tion and in some way coupled up. The
truant car was badly wrecked and no
one knew it until the search was
A dispatch received at Berlin, from
Tashkent, capital of Russian Turkes
tan, reports a terrible earthquake
August 22, the shocks continuing un
til September 3. One hundred persons
were killed at Kashgar, in eastern
Turkestan, 400 in the village of As
tyn, 20 at Jangi, while the tpwn of
Aksuksitche was completely destroy
ed. The disturbances also wrecked
many villages in the northern part of
the province, the total of persons kill
ed being 1,000. There were no pre
monitory signs, says the dispatch, but
a pronounced rise in temperature fol
lowed the principal shock. The tem
perature continued to rise during the
subsequent days, which were attend
ed by a repetition of slight quakes.
The dispatch says no Europeans lost
Big Piece of Express.
The State says the Columbia ex
press oflce Thursday received the
heaviest express package ever known
in this city. It was a piece of mas
sive electrical machinery for the new
glass factory, and weighing 2,025
pounds, the express fees upon the
shipment amounting to $128. It seems
Ithat this one piece of machinery
was all that was needed to get the
factory in condition tor operation,and
the management being desirous of
getting it home in a hurry ordered it
sent by express.
Used Our Flag.
A German merchant, who escaped
from Ciudad, Bolivar, Venezuela,made
a statement to otmcials that the Vene
zuelan man-of-war flying the Ameri
can ilag recently surprised and bom
barded Ciudad, Bolivar. The Navy
Department is investigating the re
Startling Statistics Given by the
Democratic Campaign Book.
Until the Democratic campaign text
book was published it was not gener
ally known how great the number of
trusts was. In that publication the
number is placed at '287, with a capi
talization of $6,972,448,951. Of this
number it is asserted that at least 16S
raving a capitalization of $5,096,894,
)12, are able to charge exhorbitant
>rices because of the protection they
receive from the tariff. Of the rest of
;he trusts it is estimated that at least
hirty-eight received more or less ben
-tits from the tariff. Under such a
ndition of affairs it is not to ie won
lered at that there is a strong and
)itter feeling against trusts-a feeling
,hat.will certainly show itself at the
)allot boxes this fall.
There is another matter of interest
n regard to trusts and their bold on
he people of the country, which,
vhile not a part of the subject mat
er of the Democratic text book, might
'ery well be considered in connection
with what has just been said, and this
s the matter of the insurance rates
,hat are charged, about which there
ias been such a howl from all parts
if a practically impotent country.
'he associated insurance companies
have raised their rates throughout the
ountry from 25 to 100 per cent. and
here is no provision anywhere to reg
late them. Insurance business has
rown wonderfully during -the past
ew years, but the number of compa
ies has not multiplied in anything
ike the proportion that the business
,as, and there are few reliable compa
es outside the combination and no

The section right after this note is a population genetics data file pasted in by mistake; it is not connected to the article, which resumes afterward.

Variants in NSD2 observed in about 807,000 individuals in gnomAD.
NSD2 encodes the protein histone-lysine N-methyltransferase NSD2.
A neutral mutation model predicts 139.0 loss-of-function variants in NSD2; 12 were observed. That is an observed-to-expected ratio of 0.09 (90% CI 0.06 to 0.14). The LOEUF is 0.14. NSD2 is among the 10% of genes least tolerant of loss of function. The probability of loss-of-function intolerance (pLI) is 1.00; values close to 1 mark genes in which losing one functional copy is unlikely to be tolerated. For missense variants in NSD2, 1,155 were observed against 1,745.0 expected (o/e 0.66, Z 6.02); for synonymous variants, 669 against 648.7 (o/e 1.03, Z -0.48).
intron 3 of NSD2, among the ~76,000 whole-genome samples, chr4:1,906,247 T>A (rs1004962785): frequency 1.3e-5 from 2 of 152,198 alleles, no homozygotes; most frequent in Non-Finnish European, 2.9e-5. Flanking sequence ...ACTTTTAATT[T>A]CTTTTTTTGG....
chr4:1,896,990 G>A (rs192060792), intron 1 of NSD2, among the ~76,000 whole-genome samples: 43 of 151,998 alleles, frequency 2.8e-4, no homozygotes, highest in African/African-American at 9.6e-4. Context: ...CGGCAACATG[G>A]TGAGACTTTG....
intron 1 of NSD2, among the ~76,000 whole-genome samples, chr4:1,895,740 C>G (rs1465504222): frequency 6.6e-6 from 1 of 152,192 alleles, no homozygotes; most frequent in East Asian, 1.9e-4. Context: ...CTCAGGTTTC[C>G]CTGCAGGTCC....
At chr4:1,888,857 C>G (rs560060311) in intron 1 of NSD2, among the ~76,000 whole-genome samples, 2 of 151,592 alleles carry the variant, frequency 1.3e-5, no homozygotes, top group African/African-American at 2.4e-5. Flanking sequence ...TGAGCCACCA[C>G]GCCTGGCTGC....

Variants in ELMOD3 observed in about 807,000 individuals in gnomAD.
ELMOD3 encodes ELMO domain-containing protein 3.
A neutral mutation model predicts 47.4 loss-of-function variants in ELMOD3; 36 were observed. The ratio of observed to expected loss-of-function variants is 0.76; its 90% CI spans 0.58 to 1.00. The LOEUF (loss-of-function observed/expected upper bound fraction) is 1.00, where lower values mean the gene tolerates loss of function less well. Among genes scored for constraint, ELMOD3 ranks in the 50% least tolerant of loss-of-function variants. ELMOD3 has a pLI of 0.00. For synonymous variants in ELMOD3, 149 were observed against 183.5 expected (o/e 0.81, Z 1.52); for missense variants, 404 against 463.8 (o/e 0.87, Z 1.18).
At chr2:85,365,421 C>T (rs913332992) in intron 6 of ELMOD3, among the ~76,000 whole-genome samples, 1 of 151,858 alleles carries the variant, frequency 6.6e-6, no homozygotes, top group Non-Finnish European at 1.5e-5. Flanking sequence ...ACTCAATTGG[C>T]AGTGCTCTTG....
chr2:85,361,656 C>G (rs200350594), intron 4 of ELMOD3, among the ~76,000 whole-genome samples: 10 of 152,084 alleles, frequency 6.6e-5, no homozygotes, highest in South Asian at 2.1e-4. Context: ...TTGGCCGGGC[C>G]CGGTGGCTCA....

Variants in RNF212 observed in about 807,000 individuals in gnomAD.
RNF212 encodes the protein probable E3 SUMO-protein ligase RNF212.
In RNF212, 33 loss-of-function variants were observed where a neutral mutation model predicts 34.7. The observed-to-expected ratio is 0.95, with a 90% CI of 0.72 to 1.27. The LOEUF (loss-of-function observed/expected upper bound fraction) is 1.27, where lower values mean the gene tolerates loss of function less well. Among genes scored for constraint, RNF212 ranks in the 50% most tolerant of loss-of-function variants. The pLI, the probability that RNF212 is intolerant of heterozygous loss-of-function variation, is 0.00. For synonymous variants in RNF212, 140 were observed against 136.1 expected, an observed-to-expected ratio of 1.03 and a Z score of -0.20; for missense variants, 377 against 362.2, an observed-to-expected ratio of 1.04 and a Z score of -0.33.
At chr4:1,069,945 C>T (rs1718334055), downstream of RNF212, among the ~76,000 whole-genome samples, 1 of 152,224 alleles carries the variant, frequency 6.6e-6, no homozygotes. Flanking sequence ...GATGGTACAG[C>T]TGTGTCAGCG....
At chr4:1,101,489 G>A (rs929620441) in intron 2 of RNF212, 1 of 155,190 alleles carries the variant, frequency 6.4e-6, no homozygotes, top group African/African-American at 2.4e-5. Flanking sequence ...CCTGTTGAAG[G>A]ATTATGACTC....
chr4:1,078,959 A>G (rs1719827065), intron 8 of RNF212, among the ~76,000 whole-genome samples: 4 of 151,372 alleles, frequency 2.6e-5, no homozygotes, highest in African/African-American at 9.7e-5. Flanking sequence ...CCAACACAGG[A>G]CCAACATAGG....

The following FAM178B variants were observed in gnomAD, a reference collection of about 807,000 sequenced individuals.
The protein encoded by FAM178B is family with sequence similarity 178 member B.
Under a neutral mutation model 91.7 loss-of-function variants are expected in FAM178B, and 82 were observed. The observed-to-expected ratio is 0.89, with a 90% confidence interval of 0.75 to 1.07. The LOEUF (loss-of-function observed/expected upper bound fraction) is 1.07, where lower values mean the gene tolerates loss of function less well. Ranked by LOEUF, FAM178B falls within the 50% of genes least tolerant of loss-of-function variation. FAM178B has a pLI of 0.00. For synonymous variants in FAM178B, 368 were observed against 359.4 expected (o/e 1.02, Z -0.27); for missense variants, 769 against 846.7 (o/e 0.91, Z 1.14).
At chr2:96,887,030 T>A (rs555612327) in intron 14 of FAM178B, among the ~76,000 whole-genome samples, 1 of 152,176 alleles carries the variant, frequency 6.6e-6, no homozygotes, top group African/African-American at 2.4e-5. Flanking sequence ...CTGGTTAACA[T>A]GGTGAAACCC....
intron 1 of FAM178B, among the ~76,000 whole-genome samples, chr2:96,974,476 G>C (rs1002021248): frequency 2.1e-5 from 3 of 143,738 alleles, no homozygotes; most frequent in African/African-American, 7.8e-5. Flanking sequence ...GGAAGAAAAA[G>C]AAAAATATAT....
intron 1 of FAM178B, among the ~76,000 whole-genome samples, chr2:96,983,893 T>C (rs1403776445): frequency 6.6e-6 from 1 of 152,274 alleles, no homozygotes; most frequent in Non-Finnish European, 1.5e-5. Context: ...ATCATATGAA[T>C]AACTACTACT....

ace for the business that is refused
>y the combination.
The insurance compan'es, as an ex
use for raising rates, proclaimed that
hey had suffered heavy losses no less
um than $19,000,000 in 1901. But
committee of Philadelphia business
nen, after examining the books of the
ompanies; found that instead of such
osses there had been a profit of near
y $71,000,000, and that 1901 had been
year of profit instead of loss. There
eems to be a great discrepancy be
ween the statement of the insurance
ompanies and the Philadelphia com
nittee. What are the facts? It is up
o the insurance companies to explain
his difference. If they can, and sub
tantiate their statement, the public
must pay the piper. If the statement
f the business men is true, insurance
must be numbered with the squeezing
THE COTTON CROP.
Farmer Estimates of Its Being Short
The following is the weekly bulletin
>f the condition of the weather and
rops issued last week by Director
Sauer of the South Carolina section of
he United States weather bureau. It
s of special interest as the season is
apidly drawing to a close:
The week ending Monday Septem
>er 22, was decidedly cooler than usual,
ith a mean temperature of 66 degress,
1,maximum of 85 degrees at Green
vood on the 18th, and a minimum of
A degrees at Greenville on the 15th.
(here was a general deficiency in sun
hine, with more cloudness over the
~astern than over the western half of
he State. The winds were light
~asterly to northerly.
Over a large portion of the State,
Lmd the eastern half generally, there
w'as little or no rain during the week,
ihile in places over the western half
airly heavy showers occurred on the
18th and 19th. The rains were gener
l and-did not damage open cotton to
my great extent. In the northeastern
ounties-there is need of rain for fall
rops and to put the ground into con
lition for fall plowing.
The weather was favorable, on the
whole, for harvesting corn, cotton and
:ice and for farm work in general.
Reports on cotton are very full this
week, and cover every section of the
state, and they confirm previous es
Amates of a comparatively short crop.
[t appears that the promising condi
~ion near the close of June was irre par
bly injured by the hot dry weather
~rom June 28th to July 10th, which
ubsequently caused the plants to shed
cust and blight and to stop growing,
tnd while some fields in favorable
ocalities put on new growth late in
ugust that Las since bloomed and
~ruited, the majority of plants did not
rut well during August, and most of
hem apparently died. Cotton is from
Gwo-thirds to four-fifths open, and
ach of it has been picked; some fields
ave already been abandoned, but in
a number of counties pickers are scarce
td there a smaller percentage of the
3rop has been gathered. The yields
tre estimated below last year's by a
najority of the correspondents, al
rhough in five counties the yield is
stimated equal to or greater than
ast year's. Frost deferred until late
.n November will increase the crop
aterially In places. Boll worms have
1.peared on late unopened bolls in